Yellowball.
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James Anderson

Yellowball have been instrumental in improving our visibility on search engines and we are extremely happy with the relationship.

FAISAL LALJEE VP MARKETING

Campaign Brief

As the UK’s largest beauty on demand service, Yellowball were brought on to fix major technical SEO issues and deliver a service that would enable blow to become the Uber of beauty services.

To establish itself as the go-to mobile beauty service provider across the UK, blow LTD needed a website that had a substantial and established search presence in the online beauty industry. Following our initial keyword research and onsite optimisation, we identified where blow LTD could stand out from its competitors and attract more organic search traffic to its website.

Key Successes

Working closely with blow LTD to understand what was important to them as a business, we set about establishing them as the undisputed mobile beauty booking service in search. Thanks to our detailed keyword research, technical SEO implementation and targeted content creation, our SEO campaign had a flying start. Less than half a year into our SEO campaign, blow LTD’s average keyword position had increased from 63 to 18, the equivalent of jumping up five pages on SERPs, with blow LTD displaying in the top spots on the first page of Google for multiple target keywords.

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Identify the right featured snippets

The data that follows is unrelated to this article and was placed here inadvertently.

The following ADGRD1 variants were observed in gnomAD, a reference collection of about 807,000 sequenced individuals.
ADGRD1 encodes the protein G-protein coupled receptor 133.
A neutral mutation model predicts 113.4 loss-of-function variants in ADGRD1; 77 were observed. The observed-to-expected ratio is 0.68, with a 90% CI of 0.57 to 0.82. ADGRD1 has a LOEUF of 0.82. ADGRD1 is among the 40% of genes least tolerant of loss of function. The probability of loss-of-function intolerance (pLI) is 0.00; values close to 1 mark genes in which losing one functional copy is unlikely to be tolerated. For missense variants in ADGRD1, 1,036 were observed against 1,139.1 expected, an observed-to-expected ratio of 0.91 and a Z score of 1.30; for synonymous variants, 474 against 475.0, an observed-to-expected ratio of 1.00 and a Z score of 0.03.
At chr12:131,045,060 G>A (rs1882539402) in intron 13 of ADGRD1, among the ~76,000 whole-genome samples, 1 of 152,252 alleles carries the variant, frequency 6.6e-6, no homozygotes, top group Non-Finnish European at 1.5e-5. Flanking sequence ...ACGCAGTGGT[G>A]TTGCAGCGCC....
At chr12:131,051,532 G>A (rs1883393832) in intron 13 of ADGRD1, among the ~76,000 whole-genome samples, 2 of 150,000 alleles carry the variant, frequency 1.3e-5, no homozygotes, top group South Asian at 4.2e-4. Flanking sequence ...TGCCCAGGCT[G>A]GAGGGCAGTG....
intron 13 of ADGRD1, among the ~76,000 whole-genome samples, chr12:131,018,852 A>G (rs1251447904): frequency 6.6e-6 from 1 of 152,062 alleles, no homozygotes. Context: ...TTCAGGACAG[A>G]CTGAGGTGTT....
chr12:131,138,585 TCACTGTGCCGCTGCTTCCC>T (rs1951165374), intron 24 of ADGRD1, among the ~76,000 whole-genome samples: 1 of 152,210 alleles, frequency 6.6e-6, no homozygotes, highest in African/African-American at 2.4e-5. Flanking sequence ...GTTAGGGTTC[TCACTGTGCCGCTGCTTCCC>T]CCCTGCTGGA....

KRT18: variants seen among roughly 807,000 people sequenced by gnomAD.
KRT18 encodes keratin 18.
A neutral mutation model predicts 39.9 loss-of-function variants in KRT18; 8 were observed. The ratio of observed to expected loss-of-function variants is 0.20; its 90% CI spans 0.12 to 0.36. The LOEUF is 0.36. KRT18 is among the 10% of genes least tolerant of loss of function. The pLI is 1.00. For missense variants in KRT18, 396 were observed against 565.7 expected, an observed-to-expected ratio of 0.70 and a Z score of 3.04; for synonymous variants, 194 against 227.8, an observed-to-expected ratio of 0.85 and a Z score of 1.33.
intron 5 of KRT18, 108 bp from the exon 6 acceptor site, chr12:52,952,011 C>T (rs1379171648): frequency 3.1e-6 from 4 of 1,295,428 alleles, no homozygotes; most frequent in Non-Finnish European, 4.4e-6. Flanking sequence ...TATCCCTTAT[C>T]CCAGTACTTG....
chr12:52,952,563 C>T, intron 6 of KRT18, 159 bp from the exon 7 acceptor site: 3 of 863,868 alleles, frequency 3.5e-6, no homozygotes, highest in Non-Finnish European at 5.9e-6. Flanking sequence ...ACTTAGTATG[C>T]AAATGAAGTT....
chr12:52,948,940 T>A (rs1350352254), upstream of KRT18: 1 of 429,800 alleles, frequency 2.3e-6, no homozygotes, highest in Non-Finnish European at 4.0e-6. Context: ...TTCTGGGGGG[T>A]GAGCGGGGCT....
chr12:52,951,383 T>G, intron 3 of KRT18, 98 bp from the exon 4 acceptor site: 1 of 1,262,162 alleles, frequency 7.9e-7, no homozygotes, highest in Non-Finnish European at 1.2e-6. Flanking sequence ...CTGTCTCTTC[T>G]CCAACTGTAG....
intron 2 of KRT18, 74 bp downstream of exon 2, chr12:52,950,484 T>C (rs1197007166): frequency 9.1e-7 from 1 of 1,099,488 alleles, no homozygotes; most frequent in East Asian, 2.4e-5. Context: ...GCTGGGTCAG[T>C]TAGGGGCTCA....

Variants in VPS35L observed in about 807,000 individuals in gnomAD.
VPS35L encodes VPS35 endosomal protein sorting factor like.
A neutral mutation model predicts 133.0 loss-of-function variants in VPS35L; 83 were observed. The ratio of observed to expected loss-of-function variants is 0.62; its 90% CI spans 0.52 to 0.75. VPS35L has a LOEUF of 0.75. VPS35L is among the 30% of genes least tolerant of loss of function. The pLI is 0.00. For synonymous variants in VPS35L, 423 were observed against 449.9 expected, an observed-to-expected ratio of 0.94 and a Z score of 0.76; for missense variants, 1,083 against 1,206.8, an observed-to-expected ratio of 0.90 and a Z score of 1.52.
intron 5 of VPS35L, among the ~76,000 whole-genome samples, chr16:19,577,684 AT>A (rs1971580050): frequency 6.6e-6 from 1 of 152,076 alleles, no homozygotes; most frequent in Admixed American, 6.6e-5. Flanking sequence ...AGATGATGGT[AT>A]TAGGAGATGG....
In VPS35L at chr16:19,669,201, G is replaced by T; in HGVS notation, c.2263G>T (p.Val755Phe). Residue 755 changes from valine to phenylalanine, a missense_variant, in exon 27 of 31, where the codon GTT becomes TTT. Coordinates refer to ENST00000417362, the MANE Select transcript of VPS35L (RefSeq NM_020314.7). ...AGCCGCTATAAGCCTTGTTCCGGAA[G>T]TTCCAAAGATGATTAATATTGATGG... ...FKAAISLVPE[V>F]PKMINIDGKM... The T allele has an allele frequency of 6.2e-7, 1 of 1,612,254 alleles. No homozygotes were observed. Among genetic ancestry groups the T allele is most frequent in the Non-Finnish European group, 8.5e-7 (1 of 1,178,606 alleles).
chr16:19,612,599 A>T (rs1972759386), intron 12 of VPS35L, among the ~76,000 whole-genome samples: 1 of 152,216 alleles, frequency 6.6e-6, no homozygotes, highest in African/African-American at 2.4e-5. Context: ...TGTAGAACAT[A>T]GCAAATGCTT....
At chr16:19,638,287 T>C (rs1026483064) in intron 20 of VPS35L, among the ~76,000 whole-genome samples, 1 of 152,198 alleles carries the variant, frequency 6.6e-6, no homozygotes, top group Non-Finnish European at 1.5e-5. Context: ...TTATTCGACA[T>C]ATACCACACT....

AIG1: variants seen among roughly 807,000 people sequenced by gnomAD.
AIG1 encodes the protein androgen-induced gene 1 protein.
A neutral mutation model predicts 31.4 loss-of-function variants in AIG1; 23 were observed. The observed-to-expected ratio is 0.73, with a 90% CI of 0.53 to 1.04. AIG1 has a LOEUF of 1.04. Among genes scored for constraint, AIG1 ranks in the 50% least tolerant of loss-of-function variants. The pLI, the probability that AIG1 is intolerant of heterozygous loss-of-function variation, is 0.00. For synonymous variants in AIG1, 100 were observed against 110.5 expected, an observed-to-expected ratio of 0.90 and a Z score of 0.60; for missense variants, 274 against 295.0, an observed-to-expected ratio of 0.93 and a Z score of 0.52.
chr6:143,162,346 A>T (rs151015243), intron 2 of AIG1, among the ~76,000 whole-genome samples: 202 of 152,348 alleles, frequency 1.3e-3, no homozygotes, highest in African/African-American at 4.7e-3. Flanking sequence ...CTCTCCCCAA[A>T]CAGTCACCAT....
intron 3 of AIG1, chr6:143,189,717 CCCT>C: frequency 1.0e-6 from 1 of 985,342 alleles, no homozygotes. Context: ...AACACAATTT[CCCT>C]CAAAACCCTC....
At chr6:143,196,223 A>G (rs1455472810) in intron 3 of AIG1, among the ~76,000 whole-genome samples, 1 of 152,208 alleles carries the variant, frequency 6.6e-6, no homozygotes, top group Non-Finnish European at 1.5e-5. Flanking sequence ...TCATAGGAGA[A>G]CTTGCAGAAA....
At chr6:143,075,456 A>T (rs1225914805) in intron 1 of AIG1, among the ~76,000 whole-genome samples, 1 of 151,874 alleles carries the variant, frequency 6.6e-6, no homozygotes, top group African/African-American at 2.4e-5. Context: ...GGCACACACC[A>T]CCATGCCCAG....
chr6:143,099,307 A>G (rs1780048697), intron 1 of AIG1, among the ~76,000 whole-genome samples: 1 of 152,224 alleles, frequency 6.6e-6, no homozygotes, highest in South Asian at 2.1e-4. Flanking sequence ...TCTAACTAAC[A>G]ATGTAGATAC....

We briefly discussed this in our previous article but wanted to dive into a little more detail here. Having criteria upon which to base your targeting decisions will provide structure and guidelines to your operational plans. Featured snippets can be very enticing, so these criteria should help you remain focussed on your SEO goals:

Does a featured snippet already appear?

This may seem like an obvious one, but when you type in the query, does a featured snippet appear? If yes, you can be confident that Google considers it to be the correct type of search for a featured snippet. Bear in mind though that more and more queries are being returned with a featured snippet. If one doesn’t appear right now, that doesn’t mean that it won’t in the future. It may also mean that Google doesn’t consider the current answers provided by websites to be sufficient. It’s a slightly riskier tactic to assign resources to a featured snippet that doesn’t already exist, so it’s worth approaching it with caution. Would this be part of your normal content strategy? Do you stand a good chance of ranking on page one? Regardless of the potential for a featured snippet, would this search term (and subsequent content) deliver valuable traffic to your site?

How do you find these featured snippets? Through a combination of more traditional research as well as utilising tools such as SEMrush or Ahrefs. For example, SEMrush allow you to find featured snippets that are currently occupied by your competitors, which is pretty handy! Both of these platforms do a good job of explaining how to find featured snippets (alongside Moz) so jump over to their websites for more info on sniffing out opportunities.

Buyer Personas

A key part of a content strategy is establishing your buyer personas and their corresponding buying funnel. Without this you run the risk of creating content for the sake of it. Targeting snippets that have low search volumes or result in virtually no additional traffic may help you gain brownie points with your management or client for a short period. But ultimately traffic and conversions are the end game.